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Randomised controlled trial to improve health and reduce substance use in established psychosis (IMPaCT): cost-effectiveness of integrated psychosocial health promotion
journal contributionposted on 2023-06-12, 09:11 authored by Margaret Heslin, Anita Patel, Daniel Stahl, Poonam Gardner-Sood, Manyara Mushore, Shubulade Smith, Kathryn GreenwoodKathryn Greenwood, Oluwadamilola Onagbesan, Conan O’Brien, Catherine Fung, Ruth Ohlsen, David Hopkins, Philippa Lowe, Maurice Arbuthnot, Stan Mutatsa, Gill Todd, Anna Kolliakou, John Lally, Brendon Stubbs, Khalida Ismail, Anthony David, Robin Murray, Zerrin Atakan, Fiona Gaughran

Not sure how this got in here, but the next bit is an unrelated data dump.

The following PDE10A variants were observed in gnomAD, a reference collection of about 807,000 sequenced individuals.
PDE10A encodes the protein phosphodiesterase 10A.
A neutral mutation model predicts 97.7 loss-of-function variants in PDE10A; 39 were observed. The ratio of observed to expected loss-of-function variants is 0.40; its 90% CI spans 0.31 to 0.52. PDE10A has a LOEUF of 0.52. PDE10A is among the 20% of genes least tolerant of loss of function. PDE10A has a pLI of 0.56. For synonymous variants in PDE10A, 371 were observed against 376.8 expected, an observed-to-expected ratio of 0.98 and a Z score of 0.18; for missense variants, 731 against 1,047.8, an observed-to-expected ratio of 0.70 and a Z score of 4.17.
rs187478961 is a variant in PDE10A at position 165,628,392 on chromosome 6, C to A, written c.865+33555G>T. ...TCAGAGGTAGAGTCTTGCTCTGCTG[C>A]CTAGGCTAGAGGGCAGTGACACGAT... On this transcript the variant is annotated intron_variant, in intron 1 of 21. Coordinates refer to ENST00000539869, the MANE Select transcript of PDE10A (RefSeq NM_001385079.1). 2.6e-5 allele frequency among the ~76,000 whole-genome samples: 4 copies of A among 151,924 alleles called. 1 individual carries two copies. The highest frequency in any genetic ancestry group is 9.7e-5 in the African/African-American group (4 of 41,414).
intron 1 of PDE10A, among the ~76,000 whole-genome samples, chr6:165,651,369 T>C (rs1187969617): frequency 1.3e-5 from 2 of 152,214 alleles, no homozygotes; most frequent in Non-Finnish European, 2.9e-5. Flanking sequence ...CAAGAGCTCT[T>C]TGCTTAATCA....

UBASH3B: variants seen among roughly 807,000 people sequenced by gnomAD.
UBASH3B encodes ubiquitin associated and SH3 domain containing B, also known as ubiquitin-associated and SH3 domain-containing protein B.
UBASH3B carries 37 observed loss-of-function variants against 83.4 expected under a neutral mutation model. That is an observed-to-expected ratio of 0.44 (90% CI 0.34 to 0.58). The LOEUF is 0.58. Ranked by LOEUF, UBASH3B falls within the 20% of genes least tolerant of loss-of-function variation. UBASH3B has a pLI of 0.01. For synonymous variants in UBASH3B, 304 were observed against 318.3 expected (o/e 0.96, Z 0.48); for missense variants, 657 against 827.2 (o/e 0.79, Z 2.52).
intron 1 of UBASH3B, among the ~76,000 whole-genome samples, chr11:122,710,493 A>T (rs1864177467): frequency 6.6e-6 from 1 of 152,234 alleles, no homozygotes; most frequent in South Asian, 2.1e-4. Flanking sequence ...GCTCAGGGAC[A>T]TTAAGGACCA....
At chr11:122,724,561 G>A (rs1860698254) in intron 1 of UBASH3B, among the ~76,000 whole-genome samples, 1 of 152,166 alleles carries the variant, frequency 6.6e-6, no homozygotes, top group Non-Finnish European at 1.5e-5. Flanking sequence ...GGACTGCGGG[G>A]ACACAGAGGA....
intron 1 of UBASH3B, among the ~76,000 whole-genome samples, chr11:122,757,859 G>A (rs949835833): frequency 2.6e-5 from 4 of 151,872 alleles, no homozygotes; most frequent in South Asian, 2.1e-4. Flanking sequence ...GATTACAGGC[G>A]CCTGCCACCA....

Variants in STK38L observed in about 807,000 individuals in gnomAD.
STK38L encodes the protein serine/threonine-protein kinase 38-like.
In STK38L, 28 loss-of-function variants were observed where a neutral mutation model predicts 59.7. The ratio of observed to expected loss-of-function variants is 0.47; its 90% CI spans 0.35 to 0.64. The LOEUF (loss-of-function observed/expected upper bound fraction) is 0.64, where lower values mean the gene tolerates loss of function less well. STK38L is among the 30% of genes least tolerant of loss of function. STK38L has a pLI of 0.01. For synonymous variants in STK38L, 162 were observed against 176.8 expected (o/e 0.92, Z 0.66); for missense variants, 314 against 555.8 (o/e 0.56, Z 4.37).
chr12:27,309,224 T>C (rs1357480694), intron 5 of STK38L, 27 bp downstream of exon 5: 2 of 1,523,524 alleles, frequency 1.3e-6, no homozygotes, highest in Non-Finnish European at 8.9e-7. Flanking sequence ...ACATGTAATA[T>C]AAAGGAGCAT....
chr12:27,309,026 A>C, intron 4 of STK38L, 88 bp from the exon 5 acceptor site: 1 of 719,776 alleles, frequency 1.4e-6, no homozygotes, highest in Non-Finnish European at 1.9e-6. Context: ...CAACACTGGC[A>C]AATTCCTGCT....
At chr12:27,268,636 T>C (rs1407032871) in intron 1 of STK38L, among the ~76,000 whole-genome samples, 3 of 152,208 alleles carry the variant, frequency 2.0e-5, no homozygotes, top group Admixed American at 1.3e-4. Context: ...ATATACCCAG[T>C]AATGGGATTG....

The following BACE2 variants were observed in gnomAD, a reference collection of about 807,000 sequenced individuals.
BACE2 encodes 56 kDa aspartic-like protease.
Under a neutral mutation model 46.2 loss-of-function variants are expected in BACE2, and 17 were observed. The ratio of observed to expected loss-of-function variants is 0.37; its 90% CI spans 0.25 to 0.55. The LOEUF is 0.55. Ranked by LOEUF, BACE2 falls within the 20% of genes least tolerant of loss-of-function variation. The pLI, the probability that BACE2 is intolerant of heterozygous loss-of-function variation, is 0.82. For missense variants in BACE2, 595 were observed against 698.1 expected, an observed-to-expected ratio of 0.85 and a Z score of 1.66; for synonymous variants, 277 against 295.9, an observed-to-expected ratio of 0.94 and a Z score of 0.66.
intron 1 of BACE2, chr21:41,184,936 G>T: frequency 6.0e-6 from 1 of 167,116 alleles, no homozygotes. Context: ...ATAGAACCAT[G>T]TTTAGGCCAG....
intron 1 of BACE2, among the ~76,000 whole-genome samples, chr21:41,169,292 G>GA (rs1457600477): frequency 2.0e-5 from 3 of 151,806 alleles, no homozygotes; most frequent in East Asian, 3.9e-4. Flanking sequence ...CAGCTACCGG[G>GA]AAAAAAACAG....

Background There is mounting evidence that people with severe mental illness have unhealthy lifestyles, high rates of cardiovascular and metabolic diseases, and greater risk of early mortality. This study aimed to assess the cost-effectiveness of a health promotion intervention seeking to improve physical health and reduce substance use in people with psychosis. Methods Participants with a psychotic disorder, aged 18-65 years old and registered on an enhanced care approach programme or equivalent were recruited from community mental health teams in six mental health trusts in England. Participants were randomisation to either standard community mental health team care (treatment as usual) or treatment as usual with an integrated health promotion intervention (IMPaCT). Cost-effectiveness and cost-utility analyses from health and social care and societal perspectives were conducted alongside a cluster randomised controlled trial. Total health and social care costs and total societal costs at 12 and 15 months were calculated as well as cost-effectiveness (incremental cost-effectiveness ratios and cost-effectiveness acceptability curves) at 15 months based on quality of life (SF-36 mental and physical health components, primary outcome measures) and quality adjusted life years (QALYs) using two measures, EQ-5D-3L and SF-36. Data were analysed using bootstrapped regressions with covariates for relevant baseline variables. Results At 12-15 months 301 participants had full data needed to be included in the economic evaluation. There were no differences in adjusted health and social care costs (£95, 95% CI -£1410 to £1599) or societal costs (£675, 95% CI -£1039 to £2388) between the intervention and control arms. Similarly, there were no differences between the groups in the SF-36 mental component (-0.80, 95% CI -3.66 to 2.06), SF-36 physical component (-0.68, 95% CI -3.01 to 1.65), QALYs estimated from the SF-36 (-0.00, -0.01 to 0.00) or QALYs estimated from the EQ-5D-3L (0.00, 95% CI -0.01 to 0.02). Cost-effectiveness acceptability curves for all four outcomes and from both cost perspectives indicate that the probability of the health promotion intervention being cost-effective does not exceed 0.4 for willingness to pay thresholds ranging from £0-£50000. Conclusions Alongside no evidence of additional quality of life/clinical benefit, there is also no evidence of cost-effectiveness.
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